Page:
Published on July 19, 2021
Sometimes transgender propaganda is too honest for its own good. For example, Loudoun Now, a weekly newspaper in Virginia’s Loudoun County, just ran a horrifying story encouraging gender dysphoria in children.
The piece focuses on seven-year-old Sophia, now pretending to be a boy named Max, and her mother Emily (the unnamed father is almost entirely absent from the article). It was meant to boost transgender ideology in an area that has become a battleground over transgenderism and critical race theory in schools, but it inadvertently reveals several ugly truths about the trans-kids movement.
First, this story shows that the transgender movement is coming for very young children, starting in preschool if not sooner. Transgender advocates insist that kindergarteners and even toddlers are capable of committing to transition, and that everyone else must affirm this. Instead of waiting to see what shakes out as children develop, trans advocates demand that children be immediately transitioned socially (new names, new clothes, new pronouns, new bathrooms, etc.), followed by medical transition beginning before puberty.
Second, the Loudoun Now piece reveals that sexism is the basis for transitioning these little children. We are told that, as a toddler, “Sophia showed a preference for ‘boy toys’ and sports” though Emily “continued to offer dresses and dolls, thinking Sophia would eventually show interest.” But when Sophia was only five, Emily gave up on her efforts to interest her tomboy daughter in girly-girl stuff, and decided that what she really had was a transgender son.
In this, Emily followed fashionable opinion, which has shifted from insisting that it is fine, even good, for girls to like sports, trucks, and other stereotypical boy stuff to declaring that such girls must really be boys. Goodbye tomboys, hello trans-boys.
The biggest sources of sex stereotypes and strict gender roles in America today are the trans movement and its allies. Many self-described feminists have knuckled under, cheering as it is said that girls should stick to dresses and dolls and that girls who like “boy” things must actually be boys. The transgender movement is far more sexist than the most retrograde, fundamentalist Christians I’ve ever known — at least the latter still let their daughters enjoy basketball and PE.
Third, this case demonstrates how it is often adults who are pushing for children to transition. The reporter says, “It never occurred to Sophia that she was anyone other than a boy,” which makes it odd that the story does not relate any instances of Sophia saying that she was, or wanted to be, a boy. No evidence is provided for this central claim of the story.
Instead, the article tells about Sophia, then around five years of age, admiring Max from “Stranger Things” to the point of wanting to be called Max. This is presented as a major milestone in revealing Sophia’s trans identity. But “Stranger Things’” Max is a girl. This was nothing more than one tomboyish little girl admiring and wanting to be like an older tomboyish girl on TV.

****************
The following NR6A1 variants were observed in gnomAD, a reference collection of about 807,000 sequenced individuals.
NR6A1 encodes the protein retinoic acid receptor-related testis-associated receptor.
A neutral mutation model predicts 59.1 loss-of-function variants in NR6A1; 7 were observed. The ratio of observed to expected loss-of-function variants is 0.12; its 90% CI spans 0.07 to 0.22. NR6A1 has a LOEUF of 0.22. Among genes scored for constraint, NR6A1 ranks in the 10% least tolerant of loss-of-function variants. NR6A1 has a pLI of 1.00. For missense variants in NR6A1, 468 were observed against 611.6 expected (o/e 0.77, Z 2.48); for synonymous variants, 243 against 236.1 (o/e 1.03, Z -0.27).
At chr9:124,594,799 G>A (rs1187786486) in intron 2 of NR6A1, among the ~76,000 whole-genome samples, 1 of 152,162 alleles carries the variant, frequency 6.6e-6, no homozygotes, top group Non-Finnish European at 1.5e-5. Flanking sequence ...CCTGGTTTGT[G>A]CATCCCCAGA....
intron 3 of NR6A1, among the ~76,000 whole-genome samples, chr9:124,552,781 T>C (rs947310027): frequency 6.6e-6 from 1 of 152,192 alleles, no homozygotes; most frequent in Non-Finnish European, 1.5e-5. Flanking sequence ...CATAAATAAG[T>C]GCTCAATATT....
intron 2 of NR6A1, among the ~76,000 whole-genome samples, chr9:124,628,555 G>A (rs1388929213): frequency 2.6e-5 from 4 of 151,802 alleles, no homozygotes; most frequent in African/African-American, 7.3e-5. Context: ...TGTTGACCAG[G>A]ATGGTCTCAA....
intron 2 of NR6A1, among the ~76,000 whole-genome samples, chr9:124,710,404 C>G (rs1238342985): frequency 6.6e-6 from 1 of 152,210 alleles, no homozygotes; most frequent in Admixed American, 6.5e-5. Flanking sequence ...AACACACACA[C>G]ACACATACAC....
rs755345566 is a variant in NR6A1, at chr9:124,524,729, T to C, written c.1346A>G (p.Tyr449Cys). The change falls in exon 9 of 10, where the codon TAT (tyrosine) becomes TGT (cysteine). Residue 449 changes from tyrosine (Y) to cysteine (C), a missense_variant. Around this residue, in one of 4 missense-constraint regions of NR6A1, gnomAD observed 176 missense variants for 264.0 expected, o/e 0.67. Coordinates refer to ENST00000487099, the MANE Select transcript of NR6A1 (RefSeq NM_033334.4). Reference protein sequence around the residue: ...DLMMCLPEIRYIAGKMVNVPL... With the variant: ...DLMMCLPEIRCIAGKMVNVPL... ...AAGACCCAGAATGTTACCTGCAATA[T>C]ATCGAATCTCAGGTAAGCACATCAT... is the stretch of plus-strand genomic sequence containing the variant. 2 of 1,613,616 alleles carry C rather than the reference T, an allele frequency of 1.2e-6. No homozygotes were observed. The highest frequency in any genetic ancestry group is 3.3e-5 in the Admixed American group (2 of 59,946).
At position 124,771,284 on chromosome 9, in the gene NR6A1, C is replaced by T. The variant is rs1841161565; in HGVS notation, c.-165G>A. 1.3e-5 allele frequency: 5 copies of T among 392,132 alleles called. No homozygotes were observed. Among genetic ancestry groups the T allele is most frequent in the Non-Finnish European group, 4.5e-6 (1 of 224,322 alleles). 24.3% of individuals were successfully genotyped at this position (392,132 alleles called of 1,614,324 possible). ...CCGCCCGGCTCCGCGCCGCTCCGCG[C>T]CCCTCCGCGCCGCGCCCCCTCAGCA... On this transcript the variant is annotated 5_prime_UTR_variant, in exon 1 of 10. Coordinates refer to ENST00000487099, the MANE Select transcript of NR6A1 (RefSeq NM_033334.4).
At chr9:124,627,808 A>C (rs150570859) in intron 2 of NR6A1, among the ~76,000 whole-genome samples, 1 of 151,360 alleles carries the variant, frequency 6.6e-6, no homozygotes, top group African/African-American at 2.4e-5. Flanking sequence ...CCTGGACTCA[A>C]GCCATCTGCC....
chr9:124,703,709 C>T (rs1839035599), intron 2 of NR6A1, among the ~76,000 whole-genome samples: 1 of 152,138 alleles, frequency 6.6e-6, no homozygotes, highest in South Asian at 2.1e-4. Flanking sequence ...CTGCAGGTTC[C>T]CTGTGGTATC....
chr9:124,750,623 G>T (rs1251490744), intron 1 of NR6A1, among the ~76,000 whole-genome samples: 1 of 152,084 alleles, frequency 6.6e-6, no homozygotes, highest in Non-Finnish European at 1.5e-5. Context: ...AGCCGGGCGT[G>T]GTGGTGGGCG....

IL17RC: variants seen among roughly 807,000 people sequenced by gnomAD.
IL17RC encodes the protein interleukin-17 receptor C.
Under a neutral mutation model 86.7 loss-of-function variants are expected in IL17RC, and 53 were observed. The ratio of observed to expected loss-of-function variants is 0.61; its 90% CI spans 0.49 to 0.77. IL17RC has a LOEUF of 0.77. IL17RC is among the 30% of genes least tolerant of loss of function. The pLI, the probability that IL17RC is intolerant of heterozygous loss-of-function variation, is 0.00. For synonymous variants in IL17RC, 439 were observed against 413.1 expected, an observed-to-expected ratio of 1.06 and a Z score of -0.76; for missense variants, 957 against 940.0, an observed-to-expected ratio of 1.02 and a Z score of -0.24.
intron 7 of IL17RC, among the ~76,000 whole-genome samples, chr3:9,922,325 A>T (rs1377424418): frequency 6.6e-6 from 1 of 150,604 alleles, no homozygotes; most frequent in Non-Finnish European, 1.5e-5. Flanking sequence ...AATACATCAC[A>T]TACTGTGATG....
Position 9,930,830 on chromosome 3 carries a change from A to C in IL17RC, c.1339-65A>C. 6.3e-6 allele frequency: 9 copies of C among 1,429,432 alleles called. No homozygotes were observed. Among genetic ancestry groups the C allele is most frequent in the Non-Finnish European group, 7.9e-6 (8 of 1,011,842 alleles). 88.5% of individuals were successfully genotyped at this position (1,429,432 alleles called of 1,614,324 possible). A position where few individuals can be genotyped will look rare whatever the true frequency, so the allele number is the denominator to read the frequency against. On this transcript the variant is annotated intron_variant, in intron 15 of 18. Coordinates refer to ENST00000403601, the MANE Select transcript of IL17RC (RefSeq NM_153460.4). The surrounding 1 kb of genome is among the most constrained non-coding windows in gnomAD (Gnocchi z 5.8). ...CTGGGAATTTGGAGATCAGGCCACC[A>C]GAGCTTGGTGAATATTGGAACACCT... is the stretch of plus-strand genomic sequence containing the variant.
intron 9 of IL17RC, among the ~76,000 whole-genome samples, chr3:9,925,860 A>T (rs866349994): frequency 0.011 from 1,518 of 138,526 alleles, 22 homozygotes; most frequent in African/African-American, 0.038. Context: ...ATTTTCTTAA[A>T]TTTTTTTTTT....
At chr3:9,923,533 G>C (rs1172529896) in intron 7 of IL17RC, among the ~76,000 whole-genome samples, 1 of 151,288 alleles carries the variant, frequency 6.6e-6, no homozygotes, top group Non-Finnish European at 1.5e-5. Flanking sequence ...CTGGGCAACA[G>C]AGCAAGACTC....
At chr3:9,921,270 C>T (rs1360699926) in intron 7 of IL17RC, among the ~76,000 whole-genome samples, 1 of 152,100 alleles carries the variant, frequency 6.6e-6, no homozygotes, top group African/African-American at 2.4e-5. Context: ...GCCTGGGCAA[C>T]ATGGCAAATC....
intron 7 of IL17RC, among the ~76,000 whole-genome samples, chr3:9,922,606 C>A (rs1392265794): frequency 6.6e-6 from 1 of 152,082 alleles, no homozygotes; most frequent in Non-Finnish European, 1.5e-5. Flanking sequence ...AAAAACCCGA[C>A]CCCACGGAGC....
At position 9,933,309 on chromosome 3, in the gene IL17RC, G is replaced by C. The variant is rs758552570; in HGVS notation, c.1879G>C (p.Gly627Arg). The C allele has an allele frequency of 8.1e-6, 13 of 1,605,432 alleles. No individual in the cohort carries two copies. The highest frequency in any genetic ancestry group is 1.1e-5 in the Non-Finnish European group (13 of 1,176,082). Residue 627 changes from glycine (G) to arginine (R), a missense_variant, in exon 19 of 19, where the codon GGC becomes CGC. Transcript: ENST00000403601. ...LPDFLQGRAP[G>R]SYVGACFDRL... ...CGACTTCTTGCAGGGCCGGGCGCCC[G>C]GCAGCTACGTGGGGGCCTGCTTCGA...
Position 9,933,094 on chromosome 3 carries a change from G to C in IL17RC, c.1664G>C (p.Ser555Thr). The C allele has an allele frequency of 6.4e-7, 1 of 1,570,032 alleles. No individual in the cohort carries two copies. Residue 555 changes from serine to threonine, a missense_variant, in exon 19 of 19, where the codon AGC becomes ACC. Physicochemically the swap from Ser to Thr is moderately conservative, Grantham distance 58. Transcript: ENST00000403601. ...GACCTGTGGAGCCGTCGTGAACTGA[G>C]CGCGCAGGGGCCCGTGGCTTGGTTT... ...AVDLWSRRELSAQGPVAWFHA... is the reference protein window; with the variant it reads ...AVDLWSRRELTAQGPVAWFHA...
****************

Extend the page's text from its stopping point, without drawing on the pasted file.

Indeed, reading the story, which relies entirely on Emily for pertinent information about Sophia/Max, it is striking that no evidence of gender dysphoria is presented beyond a little girl being a tomboy. However, it does appear Emily was distressed at her daughter being a tomboy instead of a girly girl, and we are told that Emily can now get her little “boy” to cooperate in dressing up, albeit in bow-ties and button-down shirts rather than dresses.
We are also told that following the first foray, “Emily started trashing the girl clothes in the closet.” Perhaps “trashing” was just color added by the reporter, and Emily actually gave them away. But if it is accurate, it suggests seething bitterness. Regardless, it was clearly Emily, not Sophia, driving the declaration of a transgender identity for Sophia.
Fourth, this story illustrates the pernicious effects of the trans movement’s hostage-taking. Emily admits to concerns about the future medical transition of her daughter, but dismisses them by repeating word for word the trans movement’s mantra, “I’d rather have a trans son than a dead daughter.” Yet this story presents no evidence that Sophia ever considered, let alone threatened or attempted, suicide. Emily’s fear seem to be entirely instilled from outside sources.
It is true that people who identify as transgender have high rates of suicide and self-harm, but identifying as transgender has not been shown to reduce this. Furthermore, Sophia did not consider herself transgender until adults, led by her mother, introduced the concept to her (indeed, she still might not understand it). Far from helping her daughter, it seems that Emily pinned a trans identity on her, and is now writing her a suicide script to use as a threat against anyone who does not affirm this identity.
Although the Loudoun Now story was an attempt at pro-trans propaganda, it inadvertently let the truth out. The reader is left to fill in the gaps in some omissions, but it clearly shows how the trans movement is filling parents’ minds with propaganda and fear to induce them to transition very young children based on crude sex stereotypes. In this case, a seven-year-old girl is now a handful of years away from permanent body mutilation and sterility via puberty blockers, cross-sex hormones, and surgery.
Pour one out for the tomboys, because those rambunctious little girls are about to be transitioned out of existence.
Nathanael Blake is a postdoctoral fellow at the Ethics and Public Policy Center.